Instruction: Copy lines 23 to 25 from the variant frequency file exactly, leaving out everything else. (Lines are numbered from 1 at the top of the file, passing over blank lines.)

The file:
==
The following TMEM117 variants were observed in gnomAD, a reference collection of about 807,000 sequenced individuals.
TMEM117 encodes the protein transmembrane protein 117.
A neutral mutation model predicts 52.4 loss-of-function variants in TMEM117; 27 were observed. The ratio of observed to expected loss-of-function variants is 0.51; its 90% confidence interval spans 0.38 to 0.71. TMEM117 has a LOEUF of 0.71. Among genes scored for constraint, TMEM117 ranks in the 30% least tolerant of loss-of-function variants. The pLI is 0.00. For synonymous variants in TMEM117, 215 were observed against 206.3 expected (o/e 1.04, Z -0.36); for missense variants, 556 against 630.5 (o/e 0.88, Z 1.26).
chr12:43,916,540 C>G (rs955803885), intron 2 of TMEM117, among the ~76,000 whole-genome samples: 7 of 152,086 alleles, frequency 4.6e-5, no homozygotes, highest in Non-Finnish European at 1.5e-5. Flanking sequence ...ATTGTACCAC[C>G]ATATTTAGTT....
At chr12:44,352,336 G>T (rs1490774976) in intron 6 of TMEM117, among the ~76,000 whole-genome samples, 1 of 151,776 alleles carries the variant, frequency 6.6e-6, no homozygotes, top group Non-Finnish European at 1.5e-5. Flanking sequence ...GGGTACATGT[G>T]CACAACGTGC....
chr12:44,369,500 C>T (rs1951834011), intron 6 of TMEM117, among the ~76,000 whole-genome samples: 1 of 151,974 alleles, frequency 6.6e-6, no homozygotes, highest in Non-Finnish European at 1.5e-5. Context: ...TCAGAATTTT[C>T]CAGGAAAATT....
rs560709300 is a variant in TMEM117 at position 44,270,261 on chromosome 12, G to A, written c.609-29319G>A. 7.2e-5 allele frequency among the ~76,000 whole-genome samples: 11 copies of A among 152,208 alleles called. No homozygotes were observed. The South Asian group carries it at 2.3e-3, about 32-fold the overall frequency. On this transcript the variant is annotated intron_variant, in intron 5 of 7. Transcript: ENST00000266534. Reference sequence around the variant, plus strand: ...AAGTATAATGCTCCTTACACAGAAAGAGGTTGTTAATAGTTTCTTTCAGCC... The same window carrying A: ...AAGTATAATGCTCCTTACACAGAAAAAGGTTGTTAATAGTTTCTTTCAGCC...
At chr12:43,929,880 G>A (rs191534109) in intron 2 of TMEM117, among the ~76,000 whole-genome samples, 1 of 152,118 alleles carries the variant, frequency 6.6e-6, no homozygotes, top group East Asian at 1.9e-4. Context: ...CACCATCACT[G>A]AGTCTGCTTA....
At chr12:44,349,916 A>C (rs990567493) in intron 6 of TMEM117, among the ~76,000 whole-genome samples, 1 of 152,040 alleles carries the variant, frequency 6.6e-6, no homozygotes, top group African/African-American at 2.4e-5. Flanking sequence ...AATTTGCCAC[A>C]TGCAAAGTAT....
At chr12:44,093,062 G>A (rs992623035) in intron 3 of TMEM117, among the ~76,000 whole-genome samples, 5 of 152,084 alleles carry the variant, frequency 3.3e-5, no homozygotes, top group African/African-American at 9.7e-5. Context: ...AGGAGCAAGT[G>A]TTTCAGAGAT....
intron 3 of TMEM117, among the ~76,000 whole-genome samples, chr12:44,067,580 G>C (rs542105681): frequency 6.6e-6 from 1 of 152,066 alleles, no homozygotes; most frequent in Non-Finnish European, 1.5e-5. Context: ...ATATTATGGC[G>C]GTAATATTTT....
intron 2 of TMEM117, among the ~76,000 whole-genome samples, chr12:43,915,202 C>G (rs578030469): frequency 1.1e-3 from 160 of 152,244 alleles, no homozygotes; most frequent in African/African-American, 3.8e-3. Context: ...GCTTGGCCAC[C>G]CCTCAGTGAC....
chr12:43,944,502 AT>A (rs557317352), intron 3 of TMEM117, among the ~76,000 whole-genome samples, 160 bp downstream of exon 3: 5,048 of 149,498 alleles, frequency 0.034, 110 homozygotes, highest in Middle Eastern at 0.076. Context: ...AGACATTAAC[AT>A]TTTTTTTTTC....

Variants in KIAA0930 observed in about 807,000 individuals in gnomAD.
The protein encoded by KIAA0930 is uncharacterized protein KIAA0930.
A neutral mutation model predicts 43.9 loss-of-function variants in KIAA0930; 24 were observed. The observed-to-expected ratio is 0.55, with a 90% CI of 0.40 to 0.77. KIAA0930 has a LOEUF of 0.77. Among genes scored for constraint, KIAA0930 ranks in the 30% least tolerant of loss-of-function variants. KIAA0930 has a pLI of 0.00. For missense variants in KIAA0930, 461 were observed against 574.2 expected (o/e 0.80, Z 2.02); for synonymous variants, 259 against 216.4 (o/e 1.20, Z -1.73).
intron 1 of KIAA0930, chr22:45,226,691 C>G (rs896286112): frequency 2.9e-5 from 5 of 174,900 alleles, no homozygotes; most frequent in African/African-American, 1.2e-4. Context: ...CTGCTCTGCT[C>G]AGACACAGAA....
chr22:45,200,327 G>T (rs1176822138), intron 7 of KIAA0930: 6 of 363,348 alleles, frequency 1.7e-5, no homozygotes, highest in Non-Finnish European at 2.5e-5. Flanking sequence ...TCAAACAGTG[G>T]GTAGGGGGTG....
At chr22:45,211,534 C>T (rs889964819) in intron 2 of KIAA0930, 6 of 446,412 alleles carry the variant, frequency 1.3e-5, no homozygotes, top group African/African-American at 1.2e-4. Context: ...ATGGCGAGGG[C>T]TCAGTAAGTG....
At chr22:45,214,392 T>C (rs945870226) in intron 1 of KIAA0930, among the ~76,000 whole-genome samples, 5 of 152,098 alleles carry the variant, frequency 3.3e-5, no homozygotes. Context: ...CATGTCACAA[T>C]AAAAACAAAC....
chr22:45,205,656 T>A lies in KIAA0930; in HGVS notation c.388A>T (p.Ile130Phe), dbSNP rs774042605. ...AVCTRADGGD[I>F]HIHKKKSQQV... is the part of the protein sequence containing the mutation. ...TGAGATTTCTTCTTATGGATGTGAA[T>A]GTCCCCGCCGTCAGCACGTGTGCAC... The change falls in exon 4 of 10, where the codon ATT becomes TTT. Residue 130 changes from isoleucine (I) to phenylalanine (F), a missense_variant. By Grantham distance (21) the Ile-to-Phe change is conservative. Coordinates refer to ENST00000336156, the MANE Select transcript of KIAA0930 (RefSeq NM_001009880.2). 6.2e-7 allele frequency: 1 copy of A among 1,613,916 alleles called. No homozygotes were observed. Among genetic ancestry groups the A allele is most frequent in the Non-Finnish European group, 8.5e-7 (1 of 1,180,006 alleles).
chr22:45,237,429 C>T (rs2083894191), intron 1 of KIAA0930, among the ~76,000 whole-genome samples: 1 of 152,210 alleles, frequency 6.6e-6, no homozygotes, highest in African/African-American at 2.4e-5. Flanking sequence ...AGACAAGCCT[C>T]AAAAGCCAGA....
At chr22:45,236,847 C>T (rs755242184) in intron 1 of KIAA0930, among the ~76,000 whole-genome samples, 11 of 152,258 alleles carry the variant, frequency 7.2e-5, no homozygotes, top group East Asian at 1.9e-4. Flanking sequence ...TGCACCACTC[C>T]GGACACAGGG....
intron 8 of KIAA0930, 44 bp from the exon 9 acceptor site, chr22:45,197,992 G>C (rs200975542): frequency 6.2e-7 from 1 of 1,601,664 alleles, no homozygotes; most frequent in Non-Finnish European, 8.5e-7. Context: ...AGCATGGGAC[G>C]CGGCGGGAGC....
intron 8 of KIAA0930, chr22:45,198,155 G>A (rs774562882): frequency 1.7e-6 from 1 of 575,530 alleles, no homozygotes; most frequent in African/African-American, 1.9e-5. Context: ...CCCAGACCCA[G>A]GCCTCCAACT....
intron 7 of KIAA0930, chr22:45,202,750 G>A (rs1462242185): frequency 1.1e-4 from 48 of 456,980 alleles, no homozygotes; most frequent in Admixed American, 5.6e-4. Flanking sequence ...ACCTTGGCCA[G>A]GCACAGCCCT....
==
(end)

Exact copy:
At chr22:45,236,847 C>T (rs755242184) in intron 1 of KIAA0930, among the ~76,000 whole-genome samples, 11 of 152,258 alleles carry the variant, frequency 7.2e-5, no homozygotes, top group East Asian at 1.9e-4. Flanking sequence ...TGCACCACTC[C>T]GGACACAGGG....
intron 8 of KIAA0930, 44 bp from the exon 9 acceptor site, chr22:45,197,992 G>C (rs200975542): frequency 6.2e-7 from 1 of 1,601,664 alleles, no homozygotes; most frequent in Non-Finnish European, 8.5e-7. Context: ...AGCATGGGAC[G>C]CGGCGGGAGC....
intron 8 of KIAA0930, chr22:45,198,155 G>A (rs774562882): frequency 1.7e-6 from 1 of 575,530 alleles, no homozygotes; most frequent in African/African-American, 1.9e-5. Context: ...CCCAGACCCA[G>A]GCCTCCAACT....